The picture we have today of the MP for Braintree is rather different from that of two weeks ago. Then, courtesy of the Sunday Mirror, we were aware that he had sent a photograph of himself not quite in his paisley pyjamas to a Twitter follower he believed to be a young, female party worker. 'Sophie', as he now knows to his cost, did not exist but was actually the Guido Fawkes reporter Alex Wickham.
The story was published on the first day of the Conservative conference, Newmark resigned as charities minister and the "scandal" almost completely overshadowed the defection of Mark Reckless to Ukip.
Over the following 24 hours it was reported that "Sophie" had sent flirtatious tweets to half a dozen Tory MPs, but that only Newmark had responded. The Sunday Mirror editor Alison Phillips and her boss Lloyd Embley both insisted the story was in the public interest, but declined to name the undercover freelance reporter who had brought them the story or to elaborate on the methods used.
SubScribe, in common with some other commentators - but not this website's Style Counsel blogger Richard Dixon - felt that the sting had been a malicious fishing expedition, with the line cast into the Tory pond in the hope that someone, anyone, would bite. The justification for the enterprise had been reports that "MPs were using social media to meet women", which did not seem a particularly heinous crime. Lots of people do - and one of the "targets" was unmarried.
As the days went by, further details of the operation emerged - including Wickham's identity and the fact that "Sophie" had followed about a hundred Conservatives to make her Twitter account seem genuine. This was not, Guido insisted, a fishing expedition, but a carefully targeted operation with an agreed strategy. Newmark was apparently regarded as "a bit of a creep" by some Tory women. Was this enough to justify setting him up for a sting? Were the other MPS who had been mentioned also potential targets or were they just the only ones to come forward out of the 100 or so followed by Sophie?
If Brooks Newmark had always been the target, was it luck that he took the bait? Or were the morsels on his hook tastier than those offered to others? Or was Wickham's information about the MP so accurate that there was never any doubt that he would succumb? Other MPs responded to "Sophie's" flattery in a professional manner but, as Susie Boniface pointed out on Question Time, Newmark took the conversation out of the public arena, swapping mobile numbers and "takiing things to the next level".
By this time I was contemplating a "second thoughts" blog, but still felt some sympathy for my former MP. "Sophie" was supposed to be in her twenties, that's grown-up. "She" had made the running. Newmark was foolish, but not a criminal or corrupt.
Yesterday's Sun changed all that. Its splash seemed to confirm that he did, indeed, have form and that he had performed a selfie striptease for another woman he had "seduced" via Facebook. Newmark announced that he would not contest the next election and that he would be seeking residential psychiatric help. This last was reported in the Mirror and the Mail on Sunday, which ran a full-page mea culpa that talked about demons, anorexia, depression and the need to remove the stigma attached to mental health problems.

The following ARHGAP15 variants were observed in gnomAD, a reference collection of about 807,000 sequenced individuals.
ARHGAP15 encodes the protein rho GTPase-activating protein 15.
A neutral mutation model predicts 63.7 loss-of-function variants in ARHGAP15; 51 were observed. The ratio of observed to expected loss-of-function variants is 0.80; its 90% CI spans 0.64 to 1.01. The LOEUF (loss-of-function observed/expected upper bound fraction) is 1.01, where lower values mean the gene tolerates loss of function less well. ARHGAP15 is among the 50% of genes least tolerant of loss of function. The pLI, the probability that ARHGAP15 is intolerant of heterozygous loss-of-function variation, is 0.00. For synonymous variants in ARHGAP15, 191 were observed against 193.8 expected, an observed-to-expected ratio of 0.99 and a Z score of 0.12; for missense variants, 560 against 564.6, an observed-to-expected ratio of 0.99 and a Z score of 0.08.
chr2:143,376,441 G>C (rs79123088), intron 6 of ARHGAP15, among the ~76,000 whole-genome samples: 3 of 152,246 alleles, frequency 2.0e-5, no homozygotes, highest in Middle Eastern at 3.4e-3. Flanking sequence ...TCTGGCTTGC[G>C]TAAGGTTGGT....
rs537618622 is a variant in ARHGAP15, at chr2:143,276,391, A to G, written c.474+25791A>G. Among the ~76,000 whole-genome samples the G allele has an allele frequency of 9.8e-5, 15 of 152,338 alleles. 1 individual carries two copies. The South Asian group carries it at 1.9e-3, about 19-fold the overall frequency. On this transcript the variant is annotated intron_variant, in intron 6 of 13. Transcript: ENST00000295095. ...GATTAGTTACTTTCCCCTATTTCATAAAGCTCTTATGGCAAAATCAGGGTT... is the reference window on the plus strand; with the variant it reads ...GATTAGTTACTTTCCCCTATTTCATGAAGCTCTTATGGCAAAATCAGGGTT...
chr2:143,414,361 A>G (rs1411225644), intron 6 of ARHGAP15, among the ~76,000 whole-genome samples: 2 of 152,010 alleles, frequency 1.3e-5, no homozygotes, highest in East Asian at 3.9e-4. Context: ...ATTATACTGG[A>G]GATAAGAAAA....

The Mirror's coverage was a combination of the Mail and Sun's, but does not - from a distance - appear to have been self-generated. (Having misinterpreted the earlier story, I am aware that this may not be the case.)
This is where it becomes interesting, particularly for Sir Alan. The Sun and the Mail on Sunday both rejected the Wickham story. It has been surmised that this is because they were concerned about the subterfuge used to obtain it. The enthusiasm with which they have followed it up this weekend suggests that Wickham judged his market right, but got the sale pitch wrong.
Could it be that the Sun was already working along the same lines? Perhaps it didn't want to publish on Tory conference weekend - both it and the Mail were gushing about Cameron's speech later in the week. Perhaps it hadn't quite joined up the dots of its own inquiries. Or perhaps its position as market leader brought in the "single mum" who has now put the cap on Newmark's career.
This is relevant. The emergence of the second woman, Newmark's departure from political life and his admission that he needs psychiatric help probably confirm the public interest. But if the Sun had been on the same trail without the subterfuge, the Mirror would find it hard to argue that that was the only way to get the story.
This morning's further revelations about a "two-year affair" with the Facebook mum don't really take the ethical/public interest arguments much further. MPs do have affairs and people tend not to take much notice these days unless they involve Chelsea football shirts, airport phone calls from Alastair Campbell or Glenn Mulcaire's hacking skills.
One element of today's story troubles me, though. The woman at the centre of it told the Sun that she did not regard herself as having an affair, but that she was in a "full-on" relationship. She says she had no idea that Newmark was married and didn't question him because "I thought 'he's an MP, he's not going to lie'." Right.
But if you were embarking on a relationship with someone you knew to be in public life wouldn't you google them? Not in a sneaky, checking-up-on-them sort of way, but to find out what they'd achieved, to learn more about their interests, to see what other people said about them.
Mistresses have argued through the ages that they didn't know their lovers were married, but to have a two-year "full-on relationship" with an MP and remain in ignorance? I think not.
Malicious and misconceived: SubScribe's earlier thoughts on the subject